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RE: Stateful Web Services...

From: David Orchard <dorchard@bea.com>
Date: Wed, 3 Nov 2004 16:19:25 -0800
Message-ID: <32D5845A745BFB429CBDBADA57CD41AF0B782CF8@ussjex01.amer.bea.com>
To: "Savas Parastatidis" <Savas.Parastatidis@newcastle.ac.uk>, <www-ws@w3.org>

That doesn't jive with why stateful services that are pinned at a
particular node still perform substantially better than
stateful/connection-oriented protocols.  And I don't know why it's
hard/impossible to move tpc connections from one node to another.  I've
meant to look into this for some time but never gotten around to it.
Kind of like the air I breathe analogies.

Dave

> -----Original Message-----
> From: Savas Parastatidis [mailto:Savas.Parastatidis@newcastle.ac.uk]
> Sent: Wednesday, November 03, 2004 4:12 PM
> To: David Orchard; www-ws@w3.org
> Subject: RE: Stateful Web Services...
> 
> Dave,
> 
> > Even your quotation of stateless interaction doesn't make it clear.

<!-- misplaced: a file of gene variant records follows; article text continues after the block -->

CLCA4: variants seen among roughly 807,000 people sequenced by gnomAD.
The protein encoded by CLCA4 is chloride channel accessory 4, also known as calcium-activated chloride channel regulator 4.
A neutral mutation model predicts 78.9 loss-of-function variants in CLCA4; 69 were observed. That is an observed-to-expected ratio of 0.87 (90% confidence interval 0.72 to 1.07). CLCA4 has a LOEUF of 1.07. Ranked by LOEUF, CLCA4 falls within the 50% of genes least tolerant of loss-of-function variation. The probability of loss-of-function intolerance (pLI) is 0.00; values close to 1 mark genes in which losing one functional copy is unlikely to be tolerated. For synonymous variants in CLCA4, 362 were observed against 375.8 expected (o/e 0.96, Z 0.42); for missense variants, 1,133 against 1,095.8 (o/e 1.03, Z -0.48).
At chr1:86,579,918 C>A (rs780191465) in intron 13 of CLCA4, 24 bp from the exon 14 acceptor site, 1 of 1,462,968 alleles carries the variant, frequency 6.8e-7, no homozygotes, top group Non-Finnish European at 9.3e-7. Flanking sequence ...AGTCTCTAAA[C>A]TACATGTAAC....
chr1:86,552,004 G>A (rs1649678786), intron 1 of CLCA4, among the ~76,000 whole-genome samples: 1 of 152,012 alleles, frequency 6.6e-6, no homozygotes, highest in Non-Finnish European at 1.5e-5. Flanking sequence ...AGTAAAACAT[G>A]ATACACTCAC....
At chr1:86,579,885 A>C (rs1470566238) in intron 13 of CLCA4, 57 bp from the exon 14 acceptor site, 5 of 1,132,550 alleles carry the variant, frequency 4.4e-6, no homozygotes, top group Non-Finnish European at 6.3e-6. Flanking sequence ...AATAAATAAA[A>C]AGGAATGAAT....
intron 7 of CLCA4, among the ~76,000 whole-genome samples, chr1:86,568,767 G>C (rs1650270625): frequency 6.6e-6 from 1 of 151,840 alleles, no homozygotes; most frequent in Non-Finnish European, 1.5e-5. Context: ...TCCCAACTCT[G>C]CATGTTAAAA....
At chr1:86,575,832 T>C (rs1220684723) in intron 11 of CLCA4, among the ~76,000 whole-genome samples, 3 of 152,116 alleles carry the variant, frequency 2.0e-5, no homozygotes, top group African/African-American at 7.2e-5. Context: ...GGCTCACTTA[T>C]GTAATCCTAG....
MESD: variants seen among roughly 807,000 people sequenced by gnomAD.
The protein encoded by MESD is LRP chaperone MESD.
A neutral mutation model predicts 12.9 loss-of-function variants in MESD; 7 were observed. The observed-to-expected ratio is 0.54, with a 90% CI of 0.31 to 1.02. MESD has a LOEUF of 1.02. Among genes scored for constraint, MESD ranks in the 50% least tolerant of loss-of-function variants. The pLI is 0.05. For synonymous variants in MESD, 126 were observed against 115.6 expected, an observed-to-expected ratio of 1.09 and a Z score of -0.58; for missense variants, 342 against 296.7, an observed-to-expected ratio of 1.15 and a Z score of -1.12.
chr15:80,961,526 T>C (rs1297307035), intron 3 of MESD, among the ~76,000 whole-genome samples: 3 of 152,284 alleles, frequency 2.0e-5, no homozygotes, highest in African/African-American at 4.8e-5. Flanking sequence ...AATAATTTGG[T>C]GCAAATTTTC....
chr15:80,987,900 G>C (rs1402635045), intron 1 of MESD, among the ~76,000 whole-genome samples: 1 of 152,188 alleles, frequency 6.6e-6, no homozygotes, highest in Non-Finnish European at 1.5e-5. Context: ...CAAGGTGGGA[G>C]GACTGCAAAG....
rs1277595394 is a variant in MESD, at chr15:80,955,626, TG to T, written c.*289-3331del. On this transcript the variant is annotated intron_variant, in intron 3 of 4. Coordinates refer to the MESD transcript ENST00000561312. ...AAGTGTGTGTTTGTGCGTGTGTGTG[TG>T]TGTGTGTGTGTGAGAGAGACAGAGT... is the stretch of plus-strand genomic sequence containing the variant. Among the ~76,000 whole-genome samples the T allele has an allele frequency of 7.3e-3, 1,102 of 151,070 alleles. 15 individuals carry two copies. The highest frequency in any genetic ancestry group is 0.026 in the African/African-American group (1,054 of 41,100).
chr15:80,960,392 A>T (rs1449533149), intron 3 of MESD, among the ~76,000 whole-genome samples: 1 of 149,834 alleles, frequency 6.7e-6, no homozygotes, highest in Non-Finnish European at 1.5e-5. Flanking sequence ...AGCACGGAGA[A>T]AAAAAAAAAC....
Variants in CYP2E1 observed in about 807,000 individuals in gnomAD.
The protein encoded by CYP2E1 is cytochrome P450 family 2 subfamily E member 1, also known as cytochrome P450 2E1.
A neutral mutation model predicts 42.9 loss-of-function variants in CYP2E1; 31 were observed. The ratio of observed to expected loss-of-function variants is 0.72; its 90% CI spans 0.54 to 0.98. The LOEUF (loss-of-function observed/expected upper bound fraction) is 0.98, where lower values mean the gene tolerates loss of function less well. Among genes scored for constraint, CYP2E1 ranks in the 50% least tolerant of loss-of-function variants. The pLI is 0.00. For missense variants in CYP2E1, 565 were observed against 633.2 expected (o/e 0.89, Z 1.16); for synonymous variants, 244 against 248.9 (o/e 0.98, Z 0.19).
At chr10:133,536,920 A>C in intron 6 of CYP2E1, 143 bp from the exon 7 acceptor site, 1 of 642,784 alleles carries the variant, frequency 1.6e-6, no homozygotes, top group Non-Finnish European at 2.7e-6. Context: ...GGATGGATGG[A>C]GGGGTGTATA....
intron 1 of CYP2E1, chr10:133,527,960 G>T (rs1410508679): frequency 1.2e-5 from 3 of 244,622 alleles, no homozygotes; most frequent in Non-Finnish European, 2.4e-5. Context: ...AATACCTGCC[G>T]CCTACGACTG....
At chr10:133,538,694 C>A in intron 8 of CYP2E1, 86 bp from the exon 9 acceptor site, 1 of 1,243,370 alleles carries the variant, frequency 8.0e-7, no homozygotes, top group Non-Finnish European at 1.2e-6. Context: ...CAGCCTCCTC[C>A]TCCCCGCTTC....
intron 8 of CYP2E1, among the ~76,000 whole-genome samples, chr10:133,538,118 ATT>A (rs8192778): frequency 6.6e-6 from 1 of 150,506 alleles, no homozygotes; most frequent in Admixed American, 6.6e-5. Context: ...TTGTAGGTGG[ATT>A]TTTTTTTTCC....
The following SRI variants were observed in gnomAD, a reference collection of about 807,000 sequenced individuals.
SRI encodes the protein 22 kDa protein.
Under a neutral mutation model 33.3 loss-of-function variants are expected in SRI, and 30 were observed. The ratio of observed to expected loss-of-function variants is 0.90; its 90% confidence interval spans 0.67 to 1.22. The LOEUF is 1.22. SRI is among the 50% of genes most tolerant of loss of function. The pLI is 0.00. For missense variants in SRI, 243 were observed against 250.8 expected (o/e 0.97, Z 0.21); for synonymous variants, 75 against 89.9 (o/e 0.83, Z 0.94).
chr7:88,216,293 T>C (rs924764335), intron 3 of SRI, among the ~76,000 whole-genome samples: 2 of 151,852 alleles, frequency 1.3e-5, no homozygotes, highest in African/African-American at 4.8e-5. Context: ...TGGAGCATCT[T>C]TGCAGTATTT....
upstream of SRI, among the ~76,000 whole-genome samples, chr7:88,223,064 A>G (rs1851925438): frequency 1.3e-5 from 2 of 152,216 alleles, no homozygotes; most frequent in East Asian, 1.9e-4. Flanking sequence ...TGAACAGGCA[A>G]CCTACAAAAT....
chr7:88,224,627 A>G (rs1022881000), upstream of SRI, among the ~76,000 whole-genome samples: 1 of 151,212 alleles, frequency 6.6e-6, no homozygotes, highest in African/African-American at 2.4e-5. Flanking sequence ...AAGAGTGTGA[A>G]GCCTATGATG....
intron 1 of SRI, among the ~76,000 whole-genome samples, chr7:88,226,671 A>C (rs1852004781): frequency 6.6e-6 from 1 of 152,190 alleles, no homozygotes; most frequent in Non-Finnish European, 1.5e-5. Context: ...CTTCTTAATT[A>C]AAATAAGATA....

> Roy
> > has said that a cookie with a session id is a stateless interaction
to
> a
> > stateful service.  This differs from something like ftp in which the
> > connection contains part of the state.  One way that http scales
> better
> > than ftp is because http can tear down the connections because of
the
> > stateless interactions, and connections are very costly to maintain
> open
> > for potentially large numbers of clients.
> >
> > Now as to what's going on at the plumbing level in tcp/ip stacks I
> > haven't a clue about.  Why ftp creating and keeping large #s of
> > connections open with state being embodied in the ftp/tcp connection
> is
> > soo much more costly and less scalable than an http stateless tcp
> > connection is a mystery to me.  Especially when software can do SSL
> > connections that can be fairly chatty and bandwidth consuming.
> 
> 
> Isn't it the case that because of the stateless connections one can
farm
> the processing of the requests and achieve higher levels of
scalability
> even if more bandwidth is consumed?
> 
> .savas.
Received on Thursday, 4 November 2004 00:19:29 GMT

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